Belated Passion

We all need a little down time, and Zach Ziskin is no exception.

It was during the late Nineties when Ziskin's former band, Passion Seeds, put out its Release debut, an album that earned the acoustic rock project positive remarks from fans and press alike. Ziskin wanted to transplant the Seeds to Boston, where the band had a successful performance at the Nemo Music Conference shortly after the 1997 release of, well, Release. Instead the band broke up, and Ziskin went into musical seclusion. "It was getting to the point where the music started to suffer," says Ziskin, the force behind the band, who handled everything from the songwriting to the promotion to the managing to the booking. "I didn't have time to write, and I wasn't able to get into a creative place. I finally just hit the wall." Around this time, his late grandmother became ill, and Ziskin stayed in South Florida to be near her. "It just got to the point where it was like burnout. I figured, 'I'm young; I have time to do whatever I want and make another record later on.' I was just trying to get my passion back as far as writing music."

It took a bit of pain to get back to the passion. After Ziskin's grandmother, Ruby Zimet, passed away, he realized all the cheesy clichés were true: Life is too short and should be lived to the fullest, like there's no tomorrow. Fast-forward five years later and a not-so-tan, not-so-rested, but definitely ready Ziskin throws his hat back into the musical ring with Real as the Memory, where colorful pop hooks and Ziskin's falsetto pave the way for chiming acoustic tracks dashed with amplified polish on tracks like "Waking Hour" and "The Jewel," where pacified waves of guitar weave with wah effects and an arrangement of strings fade out the song. On "If the World Could Talk," Ziskin whispers through delicate orchestrations, while dishing out nothing less than quality pop songwriting on "Gravity" and "Falling to Pieces," the song that Ziskin says inspired him to write the rest of the album. "It just came to me, and as soon as I wrote it I knew it was a special song. The creativity started flowing again, and everything started to snowball."

A fan of luminaries Elton John and the Beatles, Ziskin, 28, grew up in Miami then made his way steadily north over a series of moves to Hollywood. ("At this rate I'll be in Ocala in five years," he jests.) Starting out on drums around the age of eight and taking lessons from University of Miami professor Steve Rucker, Ziskin switched to guitar in junior high, marking the point where he decided to pursue music full-throttle. During the early Nineties, Ziskin and cousin Bruce Berman played in acoustic pop duo No End, writing the tribute single "We Will Survive" right after 1993's Hurricane Andrew that landed local radio airplay and, the band says, raised $80,000 for hurricane victims. It was around this time that Ziskin was turned on to the Beatles, whose trademark harmonies inspired Ziskin to take up singing. "That's when I started moving away from wanting to be the guitar hero to just being a great songwriter," he says. Ziskin studied at Berklee College of Music for a couple of years, then returned to South Florida, first performing solo, then forming Passion Seeds.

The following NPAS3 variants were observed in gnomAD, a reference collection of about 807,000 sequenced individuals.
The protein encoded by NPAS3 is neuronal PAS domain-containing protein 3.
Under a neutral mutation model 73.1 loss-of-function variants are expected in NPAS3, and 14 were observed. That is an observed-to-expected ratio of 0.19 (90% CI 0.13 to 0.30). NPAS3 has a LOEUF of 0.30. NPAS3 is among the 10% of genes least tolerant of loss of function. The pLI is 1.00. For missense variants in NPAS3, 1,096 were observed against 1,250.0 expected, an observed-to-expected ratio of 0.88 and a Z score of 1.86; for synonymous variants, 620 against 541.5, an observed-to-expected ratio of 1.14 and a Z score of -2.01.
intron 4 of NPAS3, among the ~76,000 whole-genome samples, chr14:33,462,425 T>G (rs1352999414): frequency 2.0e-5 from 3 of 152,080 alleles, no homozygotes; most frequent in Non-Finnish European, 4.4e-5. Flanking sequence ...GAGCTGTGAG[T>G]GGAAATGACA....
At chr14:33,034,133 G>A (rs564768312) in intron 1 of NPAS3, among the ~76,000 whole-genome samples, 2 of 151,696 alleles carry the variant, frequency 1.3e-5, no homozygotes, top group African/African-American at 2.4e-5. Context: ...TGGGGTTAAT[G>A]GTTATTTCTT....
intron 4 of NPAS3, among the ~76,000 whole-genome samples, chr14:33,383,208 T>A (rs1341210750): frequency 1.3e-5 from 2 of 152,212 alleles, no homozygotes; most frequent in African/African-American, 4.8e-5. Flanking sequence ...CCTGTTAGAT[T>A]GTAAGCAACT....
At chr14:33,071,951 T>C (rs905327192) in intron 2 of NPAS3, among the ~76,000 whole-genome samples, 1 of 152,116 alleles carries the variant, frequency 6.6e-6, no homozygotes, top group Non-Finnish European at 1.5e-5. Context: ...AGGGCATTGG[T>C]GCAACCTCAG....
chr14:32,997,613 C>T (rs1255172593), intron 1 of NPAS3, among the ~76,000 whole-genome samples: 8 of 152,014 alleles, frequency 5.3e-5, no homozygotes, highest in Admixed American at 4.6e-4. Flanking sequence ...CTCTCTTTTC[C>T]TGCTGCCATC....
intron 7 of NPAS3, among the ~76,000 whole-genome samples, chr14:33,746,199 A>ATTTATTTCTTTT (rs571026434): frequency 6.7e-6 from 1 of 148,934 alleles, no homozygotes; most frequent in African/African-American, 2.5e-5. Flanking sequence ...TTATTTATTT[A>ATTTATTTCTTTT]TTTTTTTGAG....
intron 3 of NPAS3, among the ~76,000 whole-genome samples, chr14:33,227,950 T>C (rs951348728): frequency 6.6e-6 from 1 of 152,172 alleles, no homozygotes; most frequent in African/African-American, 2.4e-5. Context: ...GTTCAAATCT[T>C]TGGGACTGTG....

When returning to the music scene earlier this year, Ziskin decided to reintroduce himself as just that -- himself, using his own name and not one of a collective. "I don't have to worry if the lineup changes or if I want to do a solo acoustic show," he says. "I thought it was time to go out in the open as I really am, which is a solo artist." While there are times that Ziskin prefers going about it on his own, sometimes he needs a little help from his friends, which is where DC-3, which accompanies Ziskin at his live shows, comes in. "With the band behind me, it feels like a band. They add that energy and they're into it and the songs sound incredible with a whole band."

Having landed his "Falling to Pieces" single on the Burst -- Vol. 1 indie compilation as well as an upcoming one from, Ziskin -- with the help of his wife/manager/publicist Jodi Nabel -- is pushing Real as the Memory as well as the live tour, which will take Ziskin to Atlanta and Jacksonville, where he will perform a solo acoustic set opening for Lemonheads' Evan Dando. "I like playing for people who have never heard me before," he says. "I like the challenge of having to win a crowd over. When you do a show in front of your friends and long-time supporters, no matter if you do good or bad, they're still going to applaud and be behind you. But if you're playing for a brand-new crowd and you suck, they're not going to give you good feedback."

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Omar Perez